So this is the day – in a few hours, as the thermometer reached 94°F, I’ll sit in front of a local bookstore with my mother’s typewriter and spend four hours (more or less) writing a story, based on prompts randomly picked from a bowl, where readers have put them.
I will not be alone, because Fabrizio Borgio will be with me. We even made the local news.
What were we thinking when we proposed this?
Four hours for a story?
Using mechanical typewriters?
On the hottest afternoon of the year?
But we’ll make it.
And that’s part of the reason behind this adventure.
There’s the fun, yes, and the publicity (will I sell more ebooks? Will people raid the shelves of the bookstore?), but most of all it will be a way to show that writing is hard physical work.
Not some kind of hobby for limp-wristed posers, but a job.
You sit down at the keyboard, you think about the story, you write the story.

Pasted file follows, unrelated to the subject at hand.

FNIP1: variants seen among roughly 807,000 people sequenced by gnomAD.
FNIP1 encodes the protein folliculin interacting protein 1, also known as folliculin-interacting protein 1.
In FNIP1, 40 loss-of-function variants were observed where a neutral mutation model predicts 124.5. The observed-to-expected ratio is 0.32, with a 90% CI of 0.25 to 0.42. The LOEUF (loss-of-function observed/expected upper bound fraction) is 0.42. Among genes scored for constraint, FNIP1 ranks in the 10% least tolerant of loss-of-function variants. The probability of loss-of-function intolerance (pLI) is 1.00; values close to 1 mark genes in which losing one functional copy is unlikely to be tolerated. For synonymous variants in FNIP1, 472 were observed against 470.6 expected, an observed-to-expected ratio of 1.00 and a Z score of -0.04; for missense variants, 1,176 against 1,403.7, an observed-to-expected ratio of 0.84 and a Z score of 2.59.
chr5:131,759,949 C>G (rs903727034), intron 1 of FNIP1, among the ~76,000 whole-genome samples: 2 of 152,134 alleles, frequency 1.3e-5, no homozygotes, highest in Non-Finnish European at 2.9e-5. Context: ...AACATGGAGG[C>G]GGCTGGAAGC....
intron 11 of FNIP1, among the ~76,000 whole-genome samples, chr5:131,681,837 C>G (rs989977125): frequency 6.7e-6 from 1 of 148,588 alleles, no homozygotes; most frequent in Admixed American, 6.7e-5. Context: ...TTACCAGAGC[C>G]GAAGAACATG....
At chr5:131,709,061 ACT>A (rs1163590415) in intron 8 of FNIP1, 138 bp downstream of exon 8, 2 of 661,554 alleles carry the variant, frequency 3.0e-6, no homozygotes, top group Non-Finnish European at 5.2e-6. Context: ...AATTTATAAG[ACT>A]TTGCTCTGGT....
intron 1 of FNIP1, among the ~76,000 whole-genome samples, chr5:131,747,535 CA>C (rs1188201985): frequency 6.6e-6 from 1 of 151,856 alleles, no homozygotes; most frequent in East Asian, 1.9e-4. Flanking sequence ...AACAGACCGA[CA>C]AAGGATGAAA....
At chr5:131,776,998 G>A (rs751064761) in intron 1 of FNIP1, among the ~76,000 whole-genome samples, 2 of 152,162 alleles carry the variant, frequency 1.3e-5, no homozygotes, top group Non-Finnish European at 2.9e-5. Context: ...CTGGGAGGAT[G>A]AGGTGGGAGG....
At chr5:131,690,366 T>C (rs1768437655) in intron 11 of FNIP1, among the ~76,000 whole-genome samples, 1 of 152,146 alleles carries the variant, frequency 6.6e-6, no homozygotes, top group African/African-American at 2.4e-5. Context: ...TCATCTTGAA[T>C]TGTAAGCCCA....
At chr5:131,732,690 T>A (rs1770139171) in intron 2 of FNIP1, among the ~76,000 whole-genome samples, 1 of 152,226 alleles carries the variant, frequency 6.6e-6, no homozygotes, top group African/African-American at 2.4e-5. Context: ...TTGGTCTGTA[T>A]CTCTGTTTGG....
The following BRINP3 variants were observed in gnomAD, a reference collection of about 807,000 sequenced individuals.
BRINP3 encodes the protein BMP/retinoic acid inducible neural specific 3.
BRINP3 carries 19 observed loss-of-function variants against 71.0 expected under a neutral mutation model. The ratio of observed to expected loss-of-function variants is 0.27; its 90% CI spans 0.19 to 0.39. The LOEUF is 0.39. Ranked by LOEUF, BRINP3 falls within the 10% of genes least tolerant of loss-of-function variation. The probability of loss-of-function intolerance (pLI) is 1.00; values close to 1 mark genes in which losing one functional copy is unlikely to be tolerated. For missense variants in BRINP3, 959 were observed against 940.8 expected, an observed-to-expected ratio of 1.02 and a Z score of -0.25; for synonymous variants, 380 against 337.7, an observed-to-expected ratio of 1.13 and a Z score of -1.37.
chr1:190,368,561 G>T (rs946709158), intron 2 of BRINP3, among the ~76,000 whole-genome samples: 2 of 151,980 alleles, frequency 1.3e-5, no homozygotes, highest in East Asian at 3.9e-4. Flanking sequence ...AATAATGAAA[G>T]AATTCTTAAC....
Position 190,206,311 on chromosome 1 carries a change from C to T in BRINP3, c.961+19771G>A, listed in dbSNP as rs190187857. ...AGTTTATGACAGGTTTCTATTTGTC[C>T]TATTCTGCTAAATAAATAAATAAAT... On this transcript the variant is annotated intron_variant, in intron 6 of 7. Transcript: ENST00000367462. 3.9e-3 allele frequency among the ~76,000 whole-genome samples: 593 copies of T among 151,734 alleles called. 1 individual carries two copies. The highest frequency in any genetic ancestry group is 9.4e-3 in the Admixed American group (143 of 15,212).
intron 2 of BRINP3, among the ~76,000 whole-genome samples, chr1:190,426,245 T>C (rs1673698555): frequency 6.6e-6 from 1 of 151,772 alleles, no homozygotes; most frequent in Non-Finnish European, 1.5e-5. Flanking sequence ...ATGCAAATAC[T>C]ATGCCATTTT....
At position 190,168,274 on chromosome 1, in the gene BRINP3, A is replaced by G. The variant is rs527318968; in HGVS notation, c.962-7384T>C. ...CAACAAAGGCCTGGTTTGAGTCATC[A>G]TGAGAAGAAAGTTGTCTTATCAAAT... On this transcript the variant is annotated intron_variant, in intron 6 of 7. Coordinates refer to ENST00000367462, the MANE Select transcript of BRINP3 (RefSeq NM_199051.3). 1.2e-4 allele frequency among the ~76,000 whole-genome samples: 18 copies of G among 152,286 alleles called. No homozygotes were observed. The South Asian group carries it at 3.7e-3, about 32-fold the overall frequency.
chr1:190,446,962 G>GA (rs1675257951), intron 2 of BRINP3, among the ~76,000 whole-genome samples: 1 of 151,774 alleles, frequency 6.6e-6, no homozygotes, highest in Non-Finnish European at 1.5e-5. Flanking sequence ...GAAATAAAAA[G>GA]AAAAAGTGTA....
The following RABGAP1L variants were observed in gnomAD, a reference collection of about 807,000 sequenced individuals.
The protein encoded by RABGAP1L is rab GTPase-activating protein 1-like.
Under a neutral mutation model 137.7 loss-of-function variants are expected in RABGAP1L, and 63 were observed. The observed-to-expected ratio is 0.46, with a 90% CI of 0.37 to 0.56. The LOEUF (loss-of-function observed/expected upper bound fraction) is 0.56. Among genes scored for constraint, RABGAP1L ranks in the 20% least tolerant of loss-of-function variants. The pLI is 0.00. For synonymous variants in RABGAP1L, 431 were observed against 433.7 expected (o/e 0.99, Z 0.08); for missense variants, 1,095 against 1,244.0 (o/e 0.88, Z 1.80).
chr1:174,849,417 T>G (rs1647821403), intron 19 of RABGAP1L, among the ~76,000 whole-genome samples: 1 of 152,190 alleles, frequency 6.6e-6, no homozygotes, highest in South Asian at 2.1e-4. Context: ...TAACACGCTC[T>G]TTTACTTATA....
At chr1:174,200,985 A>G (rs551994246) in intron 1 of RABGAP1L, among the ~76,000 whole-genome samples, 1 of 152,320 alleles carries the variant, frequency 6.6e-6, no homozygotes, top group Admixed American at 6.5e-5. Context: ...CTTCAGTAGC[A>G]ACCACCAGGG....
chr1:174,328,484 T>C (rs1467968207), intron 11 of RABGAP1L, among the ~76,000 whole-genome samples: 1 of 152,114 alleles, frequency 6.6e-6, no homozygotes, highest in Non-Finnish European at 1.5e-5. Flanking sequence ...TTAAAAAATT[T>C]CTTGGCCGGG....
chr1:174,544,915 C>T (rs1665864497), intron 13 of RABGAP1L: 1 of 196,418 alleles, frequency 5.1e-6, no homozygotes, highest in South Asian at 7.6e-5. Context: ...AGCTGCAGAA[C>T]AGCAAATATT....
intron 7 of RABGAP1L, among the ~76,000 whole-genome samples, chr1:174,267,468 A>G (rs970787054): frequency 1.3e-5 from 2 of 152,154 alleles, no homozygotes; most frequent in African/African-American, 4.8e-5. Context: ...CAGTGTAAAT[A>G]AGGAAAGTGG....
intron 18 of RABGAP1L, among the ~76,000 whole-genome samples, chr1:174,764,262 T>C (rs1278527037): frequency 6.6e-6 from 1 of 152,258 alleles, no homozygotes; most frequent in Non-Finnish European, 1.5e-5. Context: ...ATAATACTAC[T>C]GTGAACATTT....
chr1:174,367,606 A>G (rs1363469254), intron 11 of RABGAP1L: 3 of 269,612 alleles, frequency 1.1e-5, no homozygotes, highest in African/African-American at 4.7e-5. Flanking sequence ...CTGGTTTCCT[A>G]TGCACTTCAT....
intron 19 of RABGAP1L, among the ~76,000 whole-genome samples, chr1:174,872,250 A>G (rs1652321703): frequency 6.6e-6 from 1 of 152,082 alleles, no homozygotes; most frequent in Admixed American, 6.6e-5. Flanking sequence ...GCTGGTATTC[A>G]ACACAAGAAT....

The typewriter thing worries me a bit.
No backspace, no Copy/Paste.
The pages will be hung publicly for all the passers-by to read – so the first take needs to be good.
It’s about thirty years since I last used a mechanical typewriter. I did a short warm-up yesterday – the keys are too heavy, and they are in the wrong place (QZERTY not QWERTY), and the keyboard is too small. The result of my warm-up would have made my mother cry: letters of different colors due to different strength when typing, uncertainties and delays of the “where the heck is Z?!” sort, the hammers gettings stuck together.
Worrying, as I said.
Just like when I started, forty years ago.
But they say it’s like going on a bicycle – it gets back to you fast enough.
I don’t think I’ll be able to do more than ten pages in four hours – 3000 words, more or less.
But I’ll take mental notes, I hope someone will take photographs, and tomorrow I’ll let you know how it went.